Quiet day at work, so got out of work early without much stress and can start to put some time tonight into my Tuck essays. Had dinner last night with a friend who works in a firm managing investments worth a couple of billion dollars (his team of 6 does, actually). Very interesting to learn about the differences in IB, PE, VC, LBO. It's not my area of interest so I haven't had the time to research. The more I learn about the work, pressures, lifestyles of IB etc I don't think the hectic, though cash-loaded, world of this profession is my cup of tea.

But, Moroccan mint tea at Tangierino I highly recommend. And the filet mignon was to die for.

My final recommender is all set. It was the same person I had the awkward conversation with. Thought this through and decided that he is probably in the best position to judge me and my abilities. Had a conversation with him, and he was eager to give me a rec. Though he did say that it was a surprise to know I was thinking about an MBA. He said that it was because I was so good at what I do (not such a bad thing !) and asked me about my reasons for wanting an MBA. He said that he could see the reasons, and one feedback he did have for me was that I should learn to delegate more (it's an engineer thing I guess). He is aware that deadlines are end of the year so I hope the recs will get there in time.

So, I have three recommenders lined up
1> my current boss
2> an ex-boss who I have worked very closely with
3> a curious kind of reference - it's a manager of a group within my company who qualify our software. I'm hoping it is going to be kind-of a client/customer reference since we treat them as such and may be a unique perspective.

Tuesday, November 25, 2003

Recommender Blues

Argggh ! it's been a really bad day. Last night's late night essay session coupled with an early morning wake-up has me nursing a headache all day. And on top of that, had an awkward conversation with one of my potential recommenders that has me in a quandry.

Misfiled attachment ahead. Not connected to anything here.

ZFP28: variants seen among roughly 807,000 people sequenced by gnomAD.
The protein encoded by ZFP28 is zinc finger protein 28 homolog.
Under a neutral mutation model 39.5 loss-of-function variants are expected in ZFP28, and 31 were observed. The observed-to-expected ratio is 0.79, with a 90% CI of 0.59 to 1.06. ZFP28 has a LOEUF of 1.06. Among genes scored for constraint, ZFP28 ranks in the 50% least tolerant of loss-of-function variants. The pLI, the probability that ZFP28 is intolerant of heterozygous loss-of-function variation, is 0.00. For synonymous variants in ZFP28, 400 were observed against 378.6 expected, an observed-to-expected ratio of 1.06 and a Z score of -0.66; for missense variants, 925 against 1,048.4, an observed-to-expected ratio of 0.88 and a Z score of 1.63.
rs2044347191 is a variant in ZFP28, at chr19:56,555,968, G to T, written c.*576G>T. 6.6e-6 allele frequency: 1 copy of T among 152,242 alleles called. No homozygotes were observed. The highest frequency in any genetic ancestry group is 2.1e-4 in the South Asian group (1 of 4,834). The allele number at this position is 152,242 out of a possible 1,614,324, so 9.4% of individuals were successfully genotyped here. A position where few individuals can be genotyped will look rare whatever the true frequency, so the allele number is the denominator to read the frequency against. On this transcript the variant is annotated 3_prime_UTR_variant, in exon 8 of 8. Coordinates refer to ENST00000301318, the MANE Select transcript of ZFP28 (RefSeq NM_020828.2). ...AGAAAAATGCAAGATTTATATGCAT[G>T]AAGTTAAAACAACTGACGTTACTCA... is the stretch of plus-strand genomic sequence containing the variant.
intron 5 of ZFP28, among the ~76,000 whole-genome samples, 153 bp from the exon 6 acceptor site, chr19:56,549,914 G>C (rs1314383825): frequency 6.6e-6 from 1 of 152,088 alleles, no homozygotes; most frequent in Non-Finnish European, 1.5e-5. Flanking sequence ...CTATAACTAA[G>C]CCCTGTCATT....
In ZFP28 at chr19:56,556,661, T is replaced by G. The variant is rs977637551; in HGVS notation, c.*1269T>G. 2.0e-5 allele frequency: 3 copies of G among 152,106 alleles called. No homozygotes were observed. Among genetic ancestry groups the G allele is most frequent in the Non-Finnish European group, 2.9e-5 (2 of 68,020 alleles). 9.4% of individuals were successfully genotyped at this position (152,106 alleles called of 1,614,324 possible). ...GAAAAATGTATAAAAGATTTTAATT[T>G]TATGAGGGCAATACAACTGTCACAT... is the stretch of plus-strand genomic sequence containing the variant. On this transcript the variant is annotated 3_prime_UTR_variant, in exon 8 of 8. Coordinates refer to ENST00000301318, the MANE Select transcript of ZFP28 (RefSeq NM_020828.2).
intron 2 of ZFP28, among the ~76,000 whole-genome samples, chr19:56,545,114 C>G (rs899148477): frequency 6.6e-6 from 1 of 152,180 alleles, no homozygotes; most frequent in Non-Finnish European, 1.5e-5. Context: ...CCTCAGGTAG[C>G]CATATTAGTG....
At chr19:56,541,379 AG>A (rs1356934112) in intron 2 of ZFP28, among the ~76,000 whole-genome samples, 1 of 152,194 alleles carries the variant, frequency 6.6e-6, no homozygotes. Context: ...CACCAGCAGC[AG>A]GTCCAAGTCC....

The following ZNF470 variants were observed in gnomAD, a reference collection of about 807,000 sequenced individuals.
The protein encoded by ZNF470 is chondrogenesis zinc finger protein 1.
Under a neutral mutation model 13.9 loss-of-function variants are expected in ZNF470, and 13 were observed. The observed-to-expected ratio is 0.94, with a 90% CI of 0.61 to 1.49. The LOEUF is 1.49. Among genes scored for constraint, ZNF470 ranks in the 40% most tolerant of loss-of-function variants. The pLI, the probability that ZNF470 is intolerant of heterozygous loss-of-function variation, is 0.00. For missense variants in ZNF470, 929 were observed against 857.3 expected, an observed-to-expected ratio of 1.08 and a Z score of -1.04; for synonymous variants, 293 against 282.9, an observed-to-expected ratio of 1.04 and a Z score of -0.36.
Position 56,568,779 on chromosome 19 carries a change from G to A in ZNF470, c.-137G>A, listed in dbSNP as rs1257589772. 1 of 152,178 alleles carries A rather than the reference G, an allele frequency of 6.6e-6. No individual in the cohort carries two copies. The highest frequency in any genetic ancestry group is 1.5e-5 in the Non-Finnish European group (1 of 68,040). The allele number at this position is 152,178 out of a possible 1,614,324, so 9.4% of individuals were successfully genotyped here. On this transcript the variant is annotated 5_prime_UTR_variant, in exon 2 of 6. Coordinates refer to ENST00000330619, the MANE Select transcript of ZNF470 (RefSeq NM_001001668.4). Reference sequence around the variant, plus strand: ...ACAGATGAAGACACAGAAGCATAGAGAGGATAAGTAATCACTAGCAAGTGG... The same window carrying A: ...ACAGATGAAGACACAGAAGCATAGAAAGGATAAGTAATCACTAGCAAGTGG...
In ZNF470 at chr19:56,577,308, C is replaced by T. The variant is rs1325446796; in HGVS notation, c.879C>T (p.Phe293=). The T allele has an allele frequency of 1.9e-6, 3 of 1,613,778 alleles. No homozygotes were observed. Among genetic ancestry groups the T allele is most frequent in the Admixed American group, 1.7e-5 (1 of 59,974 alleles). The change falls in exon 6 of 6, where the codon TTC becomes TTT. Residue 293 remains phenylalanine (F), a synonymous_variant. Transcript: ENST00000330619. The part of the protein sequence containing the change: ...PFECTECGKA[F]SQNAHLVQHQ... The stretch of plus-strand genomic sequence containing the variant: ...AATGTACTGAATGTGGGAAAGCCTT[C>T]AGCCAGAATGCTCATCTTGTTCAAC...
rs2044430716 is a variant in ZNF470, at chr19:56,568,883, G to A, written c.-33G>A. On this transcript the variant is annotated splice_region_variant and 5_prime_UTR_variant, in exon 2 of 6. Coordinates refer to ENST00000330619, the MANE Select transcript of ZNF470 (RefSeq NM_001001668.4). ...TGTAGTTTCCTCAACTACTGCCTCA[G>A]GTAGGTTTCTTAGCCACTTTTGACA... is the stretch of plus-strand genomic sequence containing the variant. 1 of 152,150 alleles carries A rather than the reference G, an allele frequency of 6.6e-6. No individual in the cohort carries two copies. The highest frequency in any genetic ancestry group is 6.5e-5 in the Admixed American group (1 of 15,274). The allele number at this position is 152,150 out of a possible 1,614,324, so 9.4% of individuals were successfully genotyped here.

There is this ex-boss of mine who I was planning to ask today or tomorrow for a reco. Turns out he wanted to go on a business trip abroad that I may be going on instead - and he wants me to tell the guy arranging it how he could do a good job on it and why he deserves to go. Apparently he thinks I am better suited for it than him.

Fuck. Excuse my language, but it's that frustrating. I did not know about the politics involved, and don't care a damn about the trip. The thing is - if I do ask him for a reco but end up sent on the trip I can't be sure what's going to be in that reco. Right now I don't know what to do. Got to sleep over it and start considering some others that I had ruled out.
First Steps

Something funny with the Tuck registration system for interviews. When I checked earlier today there were a number of slots open and I wanted to reschedule my interview which is for early next week. Then later this evening, I logged on, cancelled my appt and went back to the schedule and a lot of dates showed up as filled or waitlisted. Scrambled to get my original appointment back.

Now that I know I have to face an interview in a few days, I'm starting to get my act together. I don't know how everybody else starts to attack their essays but I've been having serious issues. Spent the weekend trying to work on Stanford's essay #2 first since it is so general and can be used as a base for the others but I had so much trouble getting my thoughts together down on paper. I've been thinking about this for the better part of last week - but it's like the thoughts were lost !

So, today I got home and after dinner started pacing around my room talking aloud simulating an interview response to a question. Pretty soon I was into it, and started taking notes. After an hour's talking, I have a couple of pages of notes. I was trying to answer one question in my imaginary interview and the 'conversation' went all over the place from there. As I read my notes back, I seem to have answers down on paper for what I want to do after my MBA, what the technology industry is going to look a few years down the line and why I should get an MBA now. Now I need to talk to (pun intended) why the choices I made have led to my position now and piece the career progression leading to an MBA part together. Have to meet some friends for drinks tomorrow night but hope to come home and start working on that. I am a night person - don't seem to get my brain fired before 10 pm. That would be swell if I didn't have to wake up at 7 tomorrow morning for work. sigh !